The Green Party’s push for presidential recounts swung into high gear early Monday as a federal judge in Michigan dismissed GOP objections and ordered that state’s recount to begin immediately, and Jill Stein’s campaign filed a federal suit seeking a statewide recount in Pennsylvania, whose election system they called a “national disgrace.” Michigan Federal Court The… Continue Reading →
Eileen and Richard Sorokas loved Barack Obama. They made calls and even knocked on doors to get him elected president in 2008 and 2012 because they believed he would bring change to their stagnant corner of Northeast Pennsylvania. (The couple even named two of their ducks after the president and his veep, though a coyote killed… Continue Reading →
Is at the local level. Joy Reid is exactly right, the important organizing has to happen on the local level, especially with the upcoming state races in 2018.
But those waiting for the Republican-dominated Congress to restore the protections of the Voting Rights Act will wait in vain. Better to get cracking on the 36 governor’s races, in states like Michigan, Wisconsin, Pennsylvania, Ohio, Nevada and Florida; even Arizona and Texas; plus the two contests in 2017, in Virginia and New Jersey, plus the many secretaries of state up for election too. Because the party that holds the governor’s mansion and the office of secretary of state holds the key to elections—to whether provisional ballots are counted or tossed; whether and how voter ID laws are enacted and enforced; and whether polling places and working machines will be fairly distributed or doled out on the basis of partisan advantage.
Republicans have made it clear that wherever they hold the reigns of state power, they will do almost anything to limit the right of Democratic-leaning populations to vote. After January 20, who’s to stop them? Certainly not a Justice Department headed by Jefferson Beauregard Sessions.
Rev. William Barber, president of the North Carolina NAACP, and fellow activists in the state have shown progressives the meaning of hope. They succeeded in 2016 where the Clinton campaign failed—tossing out the governor (though Republican Pat McCrory is still refusing to concede), flipping the attorney generals’ office and putting a black justice on the state’s Supreme Court. This may yet enable Democrats to rescue healthcare and voting rights in the state.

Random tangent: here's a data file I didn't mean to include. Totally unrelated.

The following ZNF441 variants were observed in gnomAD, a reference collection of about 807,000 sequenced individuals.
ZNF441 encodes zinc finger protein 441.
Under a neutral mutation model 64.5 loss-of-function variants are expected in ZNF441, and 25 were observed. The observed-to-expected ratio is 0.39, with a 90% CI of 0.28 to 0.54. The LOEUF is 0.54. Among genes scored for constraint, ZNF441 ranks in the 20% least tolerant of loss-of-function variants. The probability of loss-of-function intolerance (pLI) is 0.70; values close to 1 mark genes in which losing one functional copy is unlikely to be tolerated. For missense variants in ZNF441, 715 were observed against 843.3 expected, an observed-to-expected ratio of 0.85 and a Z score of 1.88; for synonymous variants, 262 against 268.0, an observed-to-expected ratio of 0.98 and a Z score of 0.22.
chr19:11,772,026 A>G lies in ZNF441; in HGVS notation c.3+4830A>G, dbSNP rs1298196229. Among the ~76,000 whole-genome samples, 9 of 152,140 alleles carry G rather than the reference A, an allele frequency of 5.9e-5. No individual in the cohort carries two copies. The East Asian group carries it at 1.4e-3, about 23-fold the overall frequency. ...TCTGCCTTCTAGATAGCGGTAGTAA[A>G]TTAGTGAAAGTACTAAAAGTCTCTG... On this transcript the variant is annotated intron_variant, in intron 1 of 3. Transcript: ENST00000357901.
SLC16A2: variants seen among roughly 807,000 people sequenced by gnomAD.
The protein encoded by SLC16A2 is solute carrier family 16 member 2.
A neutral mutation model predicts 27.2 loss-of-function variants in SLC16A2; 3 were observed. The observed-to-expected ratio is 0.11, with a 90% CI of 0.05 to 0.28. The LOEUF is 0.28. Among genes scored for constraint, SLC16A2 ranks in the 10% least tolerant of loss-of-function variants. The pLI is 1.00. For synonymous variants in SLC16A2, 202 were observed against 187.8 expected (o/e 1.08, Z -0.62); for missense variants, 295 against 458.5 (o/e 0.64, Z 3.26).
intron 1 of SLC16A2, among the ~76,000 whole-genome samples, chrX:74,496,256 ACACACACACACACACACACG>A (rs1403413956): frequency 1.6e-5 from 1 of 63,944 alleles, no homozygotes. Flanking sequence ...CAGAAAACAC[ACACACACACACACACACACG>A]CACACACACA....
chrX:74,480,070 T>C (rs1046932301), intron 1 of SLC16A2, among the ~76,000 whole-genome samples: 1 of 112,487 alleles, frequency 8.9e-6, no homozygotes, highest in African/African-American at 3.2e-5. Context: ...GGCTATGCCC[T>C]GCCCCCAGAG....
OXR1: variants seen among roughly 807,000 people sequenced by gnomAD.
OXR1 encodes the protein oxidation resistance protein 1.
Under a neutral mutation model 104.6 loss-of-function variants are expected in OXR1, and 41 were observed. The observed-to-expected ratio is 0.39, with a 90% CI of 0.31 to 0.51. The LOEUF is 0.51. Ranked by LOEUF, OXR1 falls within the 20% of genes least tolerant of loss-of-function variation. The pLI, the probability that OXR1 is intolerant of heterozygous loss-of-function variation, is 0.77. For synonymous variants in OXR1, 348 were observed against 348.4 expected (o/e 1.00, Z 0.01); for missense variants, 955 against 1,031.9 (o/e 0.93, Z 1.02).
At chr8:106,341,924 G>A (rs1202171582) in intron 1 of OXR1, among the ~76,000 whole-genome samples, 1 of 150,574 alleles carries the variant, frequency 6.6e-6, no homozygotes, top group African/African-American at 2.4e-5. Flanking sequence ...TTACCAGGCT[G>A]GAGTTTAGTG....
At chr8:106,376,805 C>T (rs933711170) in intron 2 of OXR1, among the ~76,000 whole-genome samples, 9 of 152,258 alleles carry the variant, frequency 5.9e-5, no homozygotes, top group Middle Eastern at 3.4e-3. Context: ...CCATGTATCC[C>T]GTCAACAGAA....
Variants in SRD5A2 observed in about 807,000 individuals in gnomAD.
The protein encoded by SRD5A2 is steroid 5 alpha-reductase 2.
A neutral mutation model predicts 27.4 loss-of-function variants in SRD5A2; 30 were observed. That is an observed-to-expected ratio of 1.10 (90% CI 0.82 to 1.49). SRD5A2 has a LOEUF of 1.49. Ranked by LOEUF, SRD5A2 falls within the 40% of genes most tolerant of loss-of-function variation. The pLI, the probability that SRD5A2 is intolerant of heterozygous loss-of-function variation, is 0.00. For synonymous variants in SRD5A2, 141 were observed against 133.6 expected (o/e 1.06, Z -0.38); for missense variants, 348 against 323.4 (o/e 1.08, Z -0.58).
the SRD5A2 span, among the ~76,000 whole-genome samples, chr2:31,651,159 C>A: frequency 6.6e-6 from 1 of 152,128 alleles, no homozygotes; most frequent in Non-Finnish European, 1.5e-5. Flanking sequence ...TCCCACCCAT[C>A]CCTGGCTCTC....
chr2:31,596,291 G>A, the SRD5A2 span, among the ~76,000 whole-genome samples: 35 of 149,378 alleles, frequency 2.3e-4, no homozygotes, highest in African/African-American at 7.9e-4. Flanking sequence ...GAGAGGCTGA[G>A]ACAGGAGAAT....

Defeating McCrory also opens to the door to vetoing ugly legislation like HB-2, which not only assaulted the dignity of trans citizens, it cost the state billions of dollars in revenue from the NBA and other businesses and organizations who shunned the state, while also eviscerating the right of municipalities to raise their minimum wage.
Governors and state legislators hold the power to protect and defend public schools from Betsy De Vos-style privatization; state colleges and teachers unions from Scott Walker-style defunding and attacks on their pensions and healthcare; and public and sacred Native American land from the federal, taxpayer-funded giveaways to drillers, frackers and developers that are surely coming under Trump. They will be the first line of defense in fighting climate change and are the decision-makers on whether their state will accept or reject federal funds for building high-speed rail and green energy production, and the jobs that come with them.
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Far from ending with President-elect Trump’s announcement that he will separate himself from the management of his business empire, the constitutional debate about the meaning of the Emoluments Clause — and whether Trump will be violating it — is likely just beginning. That’s because the Emoluments Clause seems to bar Trump’s ownership of his business. It… Continue Reading →
Who could have guessed that GOP zeal against wrongdoers would so suddenly drop off a cliff?
Darren Samuelsohn asks various republicans about Trump’s massive violations, and gets a series of run-and-hide replies:
Asked if Congress had any oversight role on the potential conflicts connected to Trump’s many businesses, Senate Majority Leader Mitch McConnell smiled and kept walking as he headed off the floor late Wednesday night, declining to say anything at all as he got into a private elevator.
Senate Judiciary Committee Chairman Chuck Grassley (R-Iowa) deflected a question about Trump’s potential conflicts to an aide. “Do you have an opinion on that?” the Iowa Republican asked, before he too stepped in an elevator.
Across the Capitol, the response from some of the chamber’s most powerful Republicans was largely one of indifference.
“That’s beyond my jurisdiction,” said Kentucky Rep. Hal Rogers, the chairman of the House Appropriations Committee, which is responsible for dishing out federal funds.
“Not for my committee,” added Texas Rep. Kevin Brady, the chairman of the House Ways and Means that has oversight of the IRS, the controversial agency that Trump famously used as an explanation during the presidential campaign as the reason he couldn’t release his tax returns.
“I don’t think that’s something that…the public is going to hold him accountable” for, said Rep. John Shimkus, an Illinois Republican running to chair the House Energy and Commerce Committee. “I don’t think people are thinking he ran for president of the United States to line his pockets.”
You’d think the famous straight-talker John McCain, who is now 80 years old and